Guide to Impact Calculus


Impact Calculus is an effective method to weigh the implications of two or more arguments. In this article, we will provide a brief overview of the forms of Impact Calculus most used in Parliamentary debate.


Impact Calculus is a way of weighing different impacts in a round. It is more of a holdover from policy than a purely Parliamentary creation. Still, it is important to be aware of the four main aspects of impact calculus. In essence, if you cannot factually disprove an argument, this is a way of proving why one subjective impact is more important than another. Pick which method you want to use based on which best benefits your case. In practice, spending too much time on impact calculus tends to be a waste of time unless you have a techy judge. Still, incorporating aspects of it into your weigh is beneficial.


There are four main types of impact calculus, each of which we will discuss further.



1. Substantiality


This means that one impact is more realistic/probable than the other. For example, there might be a 0.1% chance that an asteroid destroys the earth at some point. But there is a 100% chance that building an asteroid defense system would cost billions upon billions of dollars. Thus you should weigh based on the most likely outcome.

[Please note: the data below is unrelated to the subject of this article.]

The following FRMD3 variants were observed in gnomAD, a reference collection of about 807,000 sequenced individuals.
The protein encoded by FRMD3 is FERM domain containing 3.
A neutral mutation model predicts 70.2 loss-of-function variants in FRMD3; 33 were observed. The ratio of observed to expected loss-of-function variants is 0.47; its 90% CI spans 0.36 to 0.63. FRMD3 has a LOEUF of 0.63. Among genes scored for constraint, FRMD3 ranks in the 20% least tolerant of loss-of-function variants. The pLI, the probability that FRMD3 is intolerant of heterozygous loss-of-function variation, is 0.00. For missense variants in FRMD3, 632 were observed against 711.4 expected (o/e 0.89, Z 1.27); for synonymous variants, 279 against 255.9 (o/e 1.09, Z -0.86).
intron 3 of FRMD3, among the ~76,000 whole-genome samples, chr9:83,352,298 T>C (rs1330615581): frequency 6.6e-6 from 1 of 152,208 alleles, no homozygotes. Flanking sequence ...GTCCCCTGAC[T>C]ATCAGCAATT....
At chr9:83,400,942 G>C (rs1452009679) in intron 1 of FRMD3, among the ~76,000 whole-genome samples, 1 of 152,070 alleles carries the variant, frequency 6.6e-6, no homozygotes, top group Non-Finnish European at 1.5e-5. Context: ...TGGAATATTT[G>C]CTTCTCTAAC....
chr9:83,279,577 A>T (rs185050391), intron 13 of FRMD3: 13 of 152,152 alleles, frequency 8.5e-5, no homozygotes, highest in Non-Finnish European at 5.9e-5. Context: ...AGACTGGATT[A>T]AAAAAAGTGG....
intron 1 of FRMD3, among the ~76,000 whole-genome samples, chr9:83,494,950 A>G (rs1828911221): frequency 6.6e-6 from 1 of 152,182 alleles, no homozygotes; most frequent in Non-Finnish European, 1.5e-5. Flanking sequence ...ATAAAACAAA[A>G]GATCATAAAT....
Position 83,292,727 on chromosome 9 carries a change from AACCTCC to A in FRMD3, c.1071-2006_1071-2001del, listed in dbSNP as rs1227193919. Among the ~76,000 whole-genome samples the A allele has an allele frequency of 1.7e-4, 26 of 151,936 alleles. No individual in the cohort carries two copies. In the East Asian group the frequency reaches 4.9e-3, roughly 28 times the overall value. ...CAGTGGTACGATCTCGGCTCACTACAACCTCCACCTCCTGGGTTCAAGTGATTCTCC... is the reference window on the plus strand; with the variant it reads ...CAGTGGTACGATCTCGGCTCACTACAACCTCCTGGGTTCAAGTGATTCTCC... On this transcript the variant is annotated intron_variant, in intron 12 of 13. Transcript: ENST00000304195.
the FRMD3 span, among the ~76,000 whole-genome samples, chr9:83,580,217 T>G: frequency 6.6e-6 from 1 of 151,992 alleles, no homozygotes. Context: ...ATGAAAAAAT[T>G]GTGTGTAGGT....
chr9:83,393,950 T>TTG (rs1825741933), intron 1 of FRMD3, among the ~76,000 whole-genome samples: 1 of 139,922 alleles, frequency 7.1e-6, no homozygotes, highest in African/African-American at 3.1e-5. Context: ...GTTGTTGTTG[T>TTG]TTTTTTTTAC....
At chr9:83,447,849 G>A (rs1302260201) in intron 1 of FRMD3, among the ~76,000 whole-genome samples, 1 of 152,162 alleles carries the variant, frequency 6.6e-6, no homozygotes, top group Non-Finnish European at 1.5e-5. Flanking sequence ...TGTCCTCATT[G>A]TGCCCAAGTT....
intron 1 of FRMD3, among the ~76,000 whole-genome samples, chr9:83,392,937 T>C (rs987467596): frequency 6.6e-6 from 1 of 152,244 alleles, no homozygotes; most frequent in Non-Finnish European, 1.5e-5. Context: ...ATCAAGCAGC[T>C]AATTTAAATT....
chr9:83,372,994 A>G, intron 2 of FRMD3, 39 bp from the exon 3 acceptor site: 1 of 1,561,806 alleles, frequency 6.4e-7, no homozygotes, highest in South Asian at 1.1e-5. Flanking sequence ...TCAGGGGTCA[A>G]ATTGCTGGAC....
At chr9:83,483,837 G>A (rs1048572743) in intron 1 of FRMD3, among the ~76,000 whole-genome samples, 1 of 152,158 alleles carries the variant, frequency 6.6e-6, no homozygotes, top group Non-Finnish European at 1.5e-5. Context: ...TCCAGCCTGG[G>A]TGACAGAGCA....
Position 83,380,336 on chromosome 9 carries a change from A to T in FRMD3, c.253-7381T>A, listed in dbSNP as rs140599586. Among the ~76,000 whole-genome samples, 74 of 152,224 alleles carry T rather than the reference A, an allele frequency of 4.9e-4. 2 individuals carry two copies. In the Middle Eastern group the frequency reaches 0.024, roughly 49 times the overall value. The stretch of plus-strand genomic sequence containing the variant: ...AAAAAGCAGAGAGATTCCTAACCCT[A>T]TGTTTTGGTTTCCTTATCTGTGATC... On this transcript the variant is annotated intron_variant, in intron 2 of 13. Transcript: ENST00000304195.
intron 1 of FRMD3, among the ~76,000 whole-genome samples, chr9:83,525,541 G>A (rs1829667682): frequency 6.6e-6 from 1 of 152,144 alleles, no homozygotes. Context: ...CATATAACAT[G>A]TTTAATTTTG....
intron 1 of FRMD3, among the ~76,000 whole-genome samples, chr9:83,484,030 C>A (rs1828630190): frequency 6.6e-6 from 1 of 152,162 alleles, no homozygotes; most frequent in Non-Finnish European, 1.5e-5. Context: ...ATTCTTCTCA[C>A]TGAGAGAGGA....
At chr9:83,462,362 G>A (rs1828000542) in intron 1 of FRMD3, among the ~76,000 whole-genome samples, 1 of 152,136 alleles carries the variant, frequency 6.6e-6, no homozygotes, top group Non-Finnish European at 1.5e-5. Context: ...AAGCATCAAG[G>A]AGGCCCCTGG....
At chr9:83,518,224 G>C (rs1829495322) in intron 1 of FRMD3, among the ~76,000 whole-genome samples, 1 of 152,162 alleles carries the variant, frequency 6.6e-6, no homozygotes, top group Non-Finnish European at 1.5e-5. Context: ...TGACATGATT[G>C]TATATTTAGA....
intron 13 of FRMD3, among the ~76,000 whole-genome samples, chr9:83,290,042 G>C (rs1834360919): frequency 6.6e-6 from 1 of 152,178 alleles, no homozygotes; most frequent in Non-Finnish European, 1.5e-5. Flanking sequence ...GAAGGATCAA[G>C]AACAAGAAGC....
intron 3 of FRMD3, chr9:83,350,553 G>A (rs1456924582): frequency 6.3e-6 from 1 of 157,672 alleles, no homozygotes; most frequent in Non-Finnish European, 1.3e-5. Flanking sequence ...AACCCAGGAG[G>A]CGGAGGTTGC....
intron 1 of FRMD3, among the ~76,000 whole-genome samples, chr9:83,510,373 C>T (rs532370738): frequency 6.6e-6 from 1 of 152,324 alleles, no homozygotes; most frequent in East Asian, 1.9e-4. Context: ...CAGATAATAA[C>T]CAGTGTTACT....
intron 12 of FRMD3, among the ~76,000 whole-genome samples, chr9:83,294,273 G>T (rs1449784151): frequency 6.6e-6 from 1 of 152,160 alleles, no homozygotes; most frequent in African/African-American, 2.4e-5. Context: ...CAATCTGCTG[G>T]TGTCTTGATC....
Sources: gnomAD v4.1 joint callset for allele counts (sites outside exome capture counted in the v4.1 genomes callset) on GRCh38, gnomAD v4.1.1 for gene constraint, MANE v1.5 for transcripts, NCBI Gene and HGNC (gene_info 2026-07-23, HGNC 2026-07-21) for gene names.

2. Timeframe


This is the argument that one event will come before another. For example, people will die from nuclear war before they die from Global Warming. Therefore, we should not build nuclear power plants. In debate, this tends to be one of the weakest types of impact calc. Still, in actual policy decisions, people almost always favor what will bring short-term benefits. So although it usually is not the most effective for most topics, it is interesting to think about.


3. Magnitude


This is the argument that one impact is more severe than another. For example, while everyone will be affected by global warming, only a few people will experience radiation from the nuclear plants themselves.

4. Severity


This means that the impact is more severe than another. For example, 5 billion people dying from nuclear war is worse than every human being having a lower quality of life due to global warming.


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